|« May 2013|
Ted writes: "Look, guys, at the end of the day, if Rails is about Ruby and the things that a scripting language can do that a compiled, statically-typed language can’t, then Rails definitely has a place in the world and I’ll take the time to learn it." My position is that that’s precisely what Rails is about. Sure, some of the lessons that Rails teaches can be carried across to statically-typed languages just fine, but some of the most important ones simply won’t translate. Rails is a testament to the power of dynamic languages in general, and of Ruby in particular.
Here’s one example: it’s a mistake Ted did make in his first blog, and it’s a mistake others make as well. "I mean, I see a bunch of intelligent code-generation," Ted wrote, and if you’re coming from a static language background it’s easy to look at Rails’ scaffolding support and default views and think that’s what you’re seeing. I thought so, too. If that’s what the scaffolds are, they aren’t too impressive — partly because that’s easy to do, but mostly because generated code like that eventually becomes a burden. Most of us have seen code generation tools before, and they’re great for getting started, but when you move beyond what the generated code will do for you you’re in a world of hurt, often having to throw away what’s built into the framework and supply your own versions of everything.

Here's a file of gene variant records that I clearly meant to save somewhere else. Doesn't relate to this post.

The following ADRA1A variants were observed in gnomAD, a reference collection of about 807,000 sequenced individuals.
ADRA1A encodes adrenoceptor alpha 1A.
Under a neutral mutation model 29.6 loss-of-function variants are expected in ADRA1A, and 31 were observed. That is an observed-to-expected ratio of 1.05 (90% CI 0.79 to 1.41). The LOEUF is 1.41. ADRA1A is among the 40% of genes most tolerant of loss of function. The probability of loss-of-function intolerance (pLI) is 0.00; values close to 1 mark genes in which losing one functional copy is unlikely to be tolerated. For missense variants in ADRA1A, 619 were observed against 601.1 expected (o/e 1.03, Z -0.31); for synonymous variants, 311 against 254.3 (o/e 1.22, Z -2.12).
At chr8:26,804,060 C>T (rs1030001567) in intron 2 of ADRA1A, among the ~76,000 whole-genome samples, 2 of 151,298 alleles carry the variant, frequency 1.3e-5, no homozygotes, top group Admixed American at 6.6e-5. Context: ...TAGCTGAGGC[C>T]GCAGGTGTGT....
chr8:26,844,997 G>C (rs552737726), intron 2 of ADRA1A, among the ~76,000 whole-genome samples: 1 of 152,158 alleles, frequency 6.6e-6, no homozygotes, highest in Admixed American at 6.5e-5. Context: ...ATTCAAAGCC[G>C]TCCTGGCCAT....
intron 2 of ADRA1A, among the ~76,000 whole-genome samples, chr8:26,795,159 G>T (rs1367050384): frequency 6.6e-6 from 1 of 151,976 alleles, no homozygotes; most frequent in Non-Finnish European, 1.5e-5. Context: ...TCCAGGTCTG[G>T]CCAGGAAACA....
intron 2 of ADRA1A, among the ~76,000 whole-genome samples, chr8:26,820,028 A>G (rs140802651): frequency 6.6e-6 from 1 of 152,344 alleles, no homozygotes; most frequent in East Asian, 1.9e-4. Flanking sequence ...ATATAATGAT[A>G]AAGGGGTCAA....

But Rails isn’t doing "intelligent code-generation" — unless what you mean by that is that it’s doing the least possible code generation. Crack open those scaffolds and look inside. They’re almost empty! Usually they’re just trivial class definitions, with no methods or fields. All of the behavior comes at runtime, through inherited reflective logic. Rails is generating structure, not behavior, and that turns out to be a huge win. Ruby makes that possible, partly through its rich support for runtime reflection, but mostly because its dynamic, open nature makes it a breeze to fill in those empty spaces incrementally, overriding and extending little by little the default behavior that’s built into the framework.
And that’s just one example of how a dynamic language makes Rails possible, and why some of Rails’ goodness is easy for we static-language types to miss at first glance.
What’s Rails about?